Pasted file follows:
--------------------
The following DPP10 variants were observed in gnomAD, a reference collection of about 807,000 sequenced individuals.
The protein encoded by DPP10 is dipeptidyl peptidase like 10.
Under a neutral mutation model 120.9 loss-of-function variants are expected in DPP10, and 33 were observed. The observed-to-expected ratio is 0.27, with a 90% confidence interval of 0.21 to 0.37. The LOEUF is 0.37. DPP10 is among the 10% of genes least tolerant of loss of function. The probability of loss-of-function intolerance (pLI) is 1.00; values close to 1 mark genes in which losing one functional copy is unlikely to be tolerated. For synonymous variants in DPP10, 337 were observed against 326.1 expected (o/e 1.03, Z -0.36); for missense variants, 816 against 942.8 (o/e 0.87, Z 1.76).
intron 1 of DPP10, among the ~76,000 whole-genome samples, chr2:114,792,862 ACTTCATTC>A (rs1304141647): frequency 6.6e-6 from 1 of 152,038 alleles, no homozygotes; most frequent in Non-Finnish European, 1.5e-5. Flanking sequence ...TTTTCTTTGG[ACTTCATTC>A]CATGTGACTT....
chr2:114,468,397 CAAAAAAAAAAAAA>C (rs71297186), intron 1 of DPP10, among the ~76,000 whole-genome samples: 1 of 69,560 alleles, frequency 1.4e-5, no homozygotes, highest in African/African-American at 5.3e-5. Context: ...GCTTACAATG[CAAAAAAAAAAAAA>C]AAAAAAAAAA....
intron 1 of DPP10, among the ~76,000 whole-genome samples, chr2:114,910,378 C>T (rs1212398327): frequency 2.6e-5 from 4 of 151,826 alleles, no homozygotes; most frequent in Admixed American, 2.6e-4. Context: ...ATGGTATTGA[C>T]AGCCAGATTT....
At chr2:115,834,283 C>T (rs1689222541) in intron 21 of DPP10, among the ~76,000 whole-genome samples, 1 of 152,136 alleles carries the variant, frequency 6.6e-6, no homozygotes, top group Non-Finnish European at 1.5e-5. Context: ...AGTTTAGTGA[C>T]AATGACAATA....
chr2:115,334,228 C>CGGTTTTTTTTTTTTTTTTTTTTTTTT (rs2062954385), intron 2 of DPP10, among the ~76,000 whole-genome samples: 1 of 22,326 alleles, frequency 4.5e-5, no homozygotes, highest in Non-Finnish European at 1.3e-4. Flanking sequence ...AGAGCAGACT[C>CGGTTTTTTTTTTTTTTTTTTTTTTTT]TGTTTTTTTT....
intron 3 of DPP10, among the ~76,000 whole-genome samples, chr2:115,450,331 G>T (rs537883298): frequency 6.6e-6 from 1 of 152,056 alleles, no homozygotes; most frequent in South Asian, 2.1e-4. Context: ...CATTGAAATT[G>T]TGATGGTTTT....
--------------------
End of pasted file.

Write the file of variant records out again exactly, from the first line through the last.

The following DPP10 variants were observed in gnomAD, a reference collection of about 807,000 sequenced individuals.
The protein encoded by DPP10 is dipeptidyl peptidase like 10.
Under a neutral mutation model 120.9 loss-of-function variants are expected in DPP10, and 33 were observed. The observed-to-expected ratio is 0.27, with a 90% confidence interval of 0.21 to 0.37. The LOEUF is 0.37. DPP10 is among the 10% of genes least tolerant of loss of function. The probability of loss-of-function intolerance (pLI) is 1.00; values close to 1 mark genes in which losing one functional copy is unlikely to be tolerated. For synonymous variants in DPP10, 337 were observed against 326.1 expected (o/e 1.03, Z -0.36); for missense variants, 816 against 942.8 (o/e 0.87, Z 1.76).
intron 1 of DPP10, among the ~76,000 whole-genome samples, chr2:114,792,862 ACTTCATTC>A (rs1304141647): frequency 6.6e-6 from 1 of 152,038 alleles, no homozygotes; most frequent in Non-Finnish European, 1.5e-5. Flanking sequence ...TTTTCTTTGG[ACTTCATTC>A]CATGTGACTT....
chr2:114,468,397 CAAAAAAAAAAAAA>C (rs71297186), intron 1 of DPP10, among the ~76,000 whole-genome samples: 1 of 69,560 alleles, frequency 1.4e-5, no homozygotes, highest in African/African-American at 5.3e-5. Context: ...GCTTACAATG[CAAAAAAAAAAAAA>C]AAAAAAAAAA....
intron 1 of DPP10, among the ~76,000 whole-genome samples, chr2:114,910,378 C>T (rs1212398327): frequency 2.6e-5 from 4 of 151,826 alleles, no homozygotes; most frequent in Admixed American, 2.6e-4. Context: ...ATGGTATTGA[C>T]AGCCAGATTT....
At chr2:115,834,283 C>T (rs1689222541) in intron 21 of DPP10, among the ~76,000 whole-genome samples, 1 of 152,136 alleles carries the variant, frequency 6.6e-6, no homozygotes, top group Non-Finnish European at 1.5e-5. Context: ...AGTTTAGTGA[C>T]AATGACAATA....
chr2:115,334,228 C>CGGTTTTTTTTTTTTTTTTTTTTTTTT (rs2062954385), intron 2 of DPP10, among the ~76,000 whole-genome samples: 1 of 22,326 alleles, frequency 4.5e-5, no homozygotes, highest in Non-Finnish European at 1.3e-4. Flanking sequence ...AGAGCAGACT[C>CGGTTTTTTTTTTTTTTTTTTTTTTTT]TGTTTTTTTT....
intron 3 of DPP10, among the ~76,000 whole-genome samples, chr2:115,450,331 G>T (rs537883298): frequency 6.6e-6 from 1 of 152,056 alleles, no homozygotes; most frequent in South Asian, 2.1e-4. Context: ...CATTGAAATT[G>T]TGATGGTTTT....